Unfortunately, my stepmother is a narcissist and would tell me things I was too young to understand and shoukd never have been told about my parents divorced I think to paint my dad well and my mum poorly. What it did was give me a strong sense of emotional responsibility for other people's feeling from a very young age. It is a trait I hate, 2 family members can have a fight which has nothing to do with me and by one or both telling me about it I feel a duty to them, almost responsible for thei feelings, it's weird.

My dad is very passive in every way and does everything he can for an easy life so gets involved in very little.

A few years ago I could take no more of the guilt trips, manipulation, etc from my stepmother, we had a huge argument and to my surprise, things have been fine since. I have stepped back and they make no effort, which suits me, the less I am around her, the less anxious I feel.

With my own mother, things have changed, she is now NC from my sibling, this was between them and hugely difficult for me as I took on a lot of the turmoil and also it was hard to see two people I loved at war, but NC is effectively better for both of them so I try to get in with it. My mother is still emotionally unavailable but the birth of my DD has brought out something lovely in her, it is wonderful to see but fills me with guilt as I know my sibling will never see this side to here, I feel terrible guilt that I get to see this and they don't, even though the situation is not of my doing, emotional responsibility again.

So, sorry a bit long, the problem now is that I have married a child of a narcissist, my DH is the scapegoat and his sister is the golden child, my MIL treats my husband so poorly, I have a hard time dealing with it. He says its just the way she is, I can see it for what it is, thankfully he does stand up to her which is good, but because he puts me and my DD first she is now starting to use me as the scapegoat, and implying sneakily that I am influencing him. I can see right through her but this is exhausting. I have dealt with this sort of behaviour my whole life, I am now an adult and naively as a child, thought things would be different when I could make my own choices.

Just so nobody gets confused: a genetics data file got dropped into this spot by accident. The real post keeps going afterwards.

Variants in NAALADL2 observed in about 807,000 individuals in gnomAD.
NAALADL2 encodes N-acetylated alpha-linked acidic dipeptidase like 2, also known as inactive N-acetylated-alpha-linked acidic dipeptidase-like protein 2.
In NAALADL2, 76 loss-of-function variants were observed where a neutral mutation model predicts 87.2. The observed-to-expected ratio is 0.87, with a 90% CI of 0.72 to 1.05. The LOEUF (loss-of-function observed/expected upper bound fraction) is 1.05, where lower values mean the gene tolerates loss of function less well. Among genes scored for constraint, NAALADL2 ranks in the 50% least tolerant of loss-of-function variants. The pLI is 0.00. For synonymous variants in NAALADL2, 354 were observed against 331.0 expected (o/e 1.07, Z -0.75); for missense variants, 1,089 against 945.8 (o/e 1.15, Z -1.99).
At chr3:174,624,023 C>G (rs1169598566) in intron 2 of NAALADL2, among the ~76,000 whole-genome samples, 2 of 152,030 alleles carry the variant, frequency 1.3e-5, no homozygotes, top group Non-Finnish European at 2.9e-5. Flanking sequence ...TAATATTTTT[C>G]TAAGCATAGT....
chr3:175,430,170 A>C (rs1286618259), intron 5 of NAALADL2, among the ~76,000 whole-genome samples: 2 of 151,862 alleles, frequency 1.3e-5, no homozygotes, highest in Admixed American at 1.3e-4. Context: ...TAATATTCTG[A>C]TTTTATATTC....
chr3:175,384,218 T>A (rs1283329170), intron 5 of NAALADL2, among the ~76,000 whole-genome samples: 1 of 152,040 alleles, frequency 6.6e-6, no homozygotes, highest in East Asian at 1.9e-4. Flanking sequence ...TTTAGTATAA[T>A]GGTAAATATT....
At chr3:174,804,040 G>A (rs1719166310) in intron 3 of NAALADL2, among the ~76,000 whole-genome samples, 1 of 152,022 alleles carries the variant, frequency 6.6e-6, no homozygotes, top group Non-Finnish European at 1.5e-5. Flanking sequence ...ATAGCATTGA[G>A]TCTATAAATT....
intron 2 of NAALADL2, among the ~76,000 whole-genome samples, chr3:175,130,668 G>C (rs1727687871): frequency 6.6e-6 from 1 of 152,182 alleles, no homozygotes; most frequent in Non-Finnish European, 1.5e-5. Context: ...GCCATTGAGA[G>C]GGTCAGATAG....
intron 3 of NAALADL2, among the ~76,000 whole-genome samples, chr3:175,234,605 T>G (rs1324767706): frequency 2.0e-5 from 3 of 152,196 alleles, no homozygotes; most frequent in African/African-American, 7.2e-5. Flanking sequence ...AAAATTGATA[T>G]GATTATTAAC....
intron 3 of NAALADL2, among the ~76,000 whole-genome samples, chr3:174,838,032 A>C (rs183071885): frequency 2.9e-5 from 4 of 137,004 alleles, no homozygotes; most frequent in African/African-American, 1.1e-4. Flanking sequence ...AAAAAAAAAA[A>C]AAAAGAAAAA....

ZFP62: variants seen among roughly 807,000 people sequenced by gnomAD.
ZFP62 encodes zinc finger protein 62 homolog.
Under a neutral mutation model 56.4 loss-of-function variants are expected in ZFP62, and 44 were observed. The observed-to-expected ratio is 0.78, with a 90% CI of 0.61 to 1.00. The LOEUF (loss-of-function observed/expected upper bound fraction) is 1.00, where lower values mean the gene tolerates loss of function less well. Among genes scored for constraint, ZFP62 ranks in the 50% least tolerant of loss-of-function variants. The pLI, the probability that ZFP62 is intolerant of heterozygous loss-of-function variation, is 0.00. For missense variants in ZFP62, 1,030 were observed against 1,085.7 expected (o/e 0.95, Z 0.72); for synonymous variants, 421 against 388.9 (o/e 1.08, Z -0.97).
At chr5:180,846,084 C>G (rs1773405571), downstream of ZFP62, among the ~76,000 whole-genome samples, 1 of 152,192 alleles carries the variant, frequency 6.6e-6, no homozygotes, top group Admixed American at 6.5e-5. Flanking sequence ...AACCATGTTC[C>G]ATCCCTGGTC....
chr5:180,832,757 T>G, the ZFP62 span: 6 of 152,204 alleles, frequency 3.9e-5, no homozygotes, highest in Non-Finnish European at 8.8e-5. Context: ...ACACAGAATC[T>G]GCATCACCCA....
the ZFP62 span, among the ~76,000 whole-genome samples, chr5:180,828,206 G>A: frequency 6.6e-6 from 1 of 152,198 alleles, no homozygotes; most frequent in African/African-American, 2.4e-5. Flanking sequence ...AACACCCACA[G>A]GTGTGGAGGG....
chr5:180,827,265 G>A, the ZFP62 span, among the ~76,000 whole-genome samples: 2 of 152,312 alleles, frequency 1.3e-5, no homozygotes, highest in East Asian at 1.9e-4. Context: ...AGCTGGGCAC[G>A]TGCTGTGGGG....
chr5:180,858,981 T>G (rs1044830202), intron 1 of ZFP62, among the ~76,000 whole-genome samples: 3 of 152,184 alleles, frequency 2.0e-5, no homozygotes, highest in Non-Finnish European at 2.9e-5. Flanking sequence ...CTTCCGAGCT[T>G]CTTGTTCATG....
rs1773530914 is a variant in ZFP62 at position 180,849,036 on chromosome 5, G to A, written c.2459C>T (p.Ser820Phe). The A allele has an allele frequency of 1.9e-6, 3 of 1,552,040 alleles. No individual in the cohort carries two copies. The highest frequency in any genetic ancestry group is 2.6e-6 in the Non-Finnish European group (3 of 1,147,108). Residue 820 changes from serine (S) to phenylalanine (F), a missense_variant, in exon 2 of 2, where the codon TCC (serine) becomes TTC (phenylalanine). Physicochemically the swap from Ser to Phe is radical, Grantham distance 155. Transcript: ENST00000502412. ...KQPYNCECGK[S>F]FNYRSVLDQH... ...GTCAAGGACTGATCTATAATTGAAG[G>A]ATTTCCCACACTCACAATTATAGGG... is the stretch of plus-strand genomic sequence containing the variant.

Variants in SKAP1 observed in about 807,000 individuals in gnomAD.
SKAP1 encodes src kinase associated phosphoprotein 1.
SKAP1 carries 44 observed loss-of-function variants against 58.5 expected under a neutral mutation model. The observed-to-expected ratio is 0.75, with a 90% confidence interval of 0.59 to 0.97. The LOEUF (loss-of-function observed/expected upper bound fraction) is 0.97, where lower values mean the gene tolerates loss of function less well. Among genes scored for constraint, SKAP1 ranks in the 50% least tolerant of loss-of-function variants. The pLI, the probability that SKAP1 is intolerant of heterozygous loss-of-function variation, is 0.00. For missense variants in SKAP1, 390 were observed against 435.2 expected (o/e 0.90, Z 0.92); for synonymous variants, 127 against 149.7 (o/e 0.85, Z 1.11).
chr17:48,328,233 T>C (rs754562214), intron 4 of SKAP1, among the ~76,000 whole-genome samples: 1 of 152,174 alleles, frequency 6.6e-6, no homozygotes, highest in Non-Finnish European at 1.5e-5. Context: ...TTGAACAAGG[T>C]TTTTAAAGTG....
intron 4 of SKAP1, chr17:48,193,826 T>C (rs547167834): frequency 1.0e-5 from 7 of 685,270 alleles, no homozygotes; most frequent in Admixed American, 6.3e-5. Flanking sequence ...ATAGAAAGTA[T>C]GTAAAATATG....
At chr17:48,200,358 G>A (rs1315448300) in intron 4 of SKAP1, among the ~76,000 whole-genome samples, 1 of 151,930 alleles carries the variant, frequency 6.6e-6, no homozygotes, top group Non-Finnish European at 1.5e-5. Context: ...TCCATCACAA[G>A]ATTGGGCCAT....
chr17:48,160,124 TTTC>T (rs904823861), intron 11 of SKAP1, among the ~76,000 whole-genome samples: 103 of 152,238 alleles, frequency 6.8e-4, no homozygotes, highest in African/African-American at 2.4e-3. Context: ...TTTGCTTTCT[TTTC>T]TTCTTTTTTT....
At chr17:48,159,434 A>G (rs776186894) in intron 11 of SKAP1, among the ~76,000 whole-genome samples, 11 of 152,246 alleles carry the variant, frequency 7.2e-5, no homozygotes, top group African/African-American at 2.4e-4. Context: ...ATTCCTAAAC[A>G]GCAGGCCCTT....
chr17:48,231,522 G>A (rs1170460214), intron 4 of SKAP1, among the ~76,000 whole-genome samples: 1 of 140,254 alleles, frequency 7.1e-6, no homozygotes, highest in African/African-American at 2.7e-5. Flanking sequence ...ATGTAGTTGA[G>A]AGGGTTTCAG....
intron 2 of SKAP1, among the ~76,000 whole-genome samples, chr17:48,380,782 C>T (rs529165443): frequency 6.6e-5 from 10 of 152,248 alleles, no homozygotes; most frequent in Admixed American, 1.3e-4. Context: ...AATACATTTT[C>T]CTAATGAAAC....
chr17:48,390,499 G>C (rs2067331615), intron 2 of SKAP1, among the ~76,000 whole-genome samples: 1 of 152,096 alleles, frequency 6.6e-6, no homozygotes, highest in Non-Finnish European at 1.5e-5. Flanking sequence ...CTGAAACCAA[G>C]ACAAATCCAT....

Her behaviour sends me back in time, makes me feel like a child again, I am strongly considering minimal contact, however, the problem is, my DH works evenings and weekends so if my DD sees my MIL it is generally with me. I will make the effort at the weekend to take her round, I don't want my DD to feel she has missed out or that I have kept her away. Golden child has a DD also who MIL sees every day, of course she is the favoured DGC also, I don't want my DD to feel this different, but I suppose she probably will anyway, whether I take her round or not.

If I do minimal contact it will give my MIL more amunition, i.e. Will back up her claims that I influence him "see, ohweeeell never brings DGC to see me" etc. MIL also has enabler parents who sympathise with her "plight" and justify her behaviour. For example, by MIL throws tantrums we don't spend all of christmas with her. We explain we will see her and other parents equally, she and her parents say we are being unfair and that the day is important to MIL while refusing to acknowledge that DD has other grandparents to see also and the day is important to some of them too.

Sorry, very long, phew... blush

AttilaTheMeerkat Mon 20-Oct-14 09:59:24

Why are you even considering minimal contact with such a ghastly woman?. That is a question that needs your further consideration. Societal convention is not enough to keep such relationships going.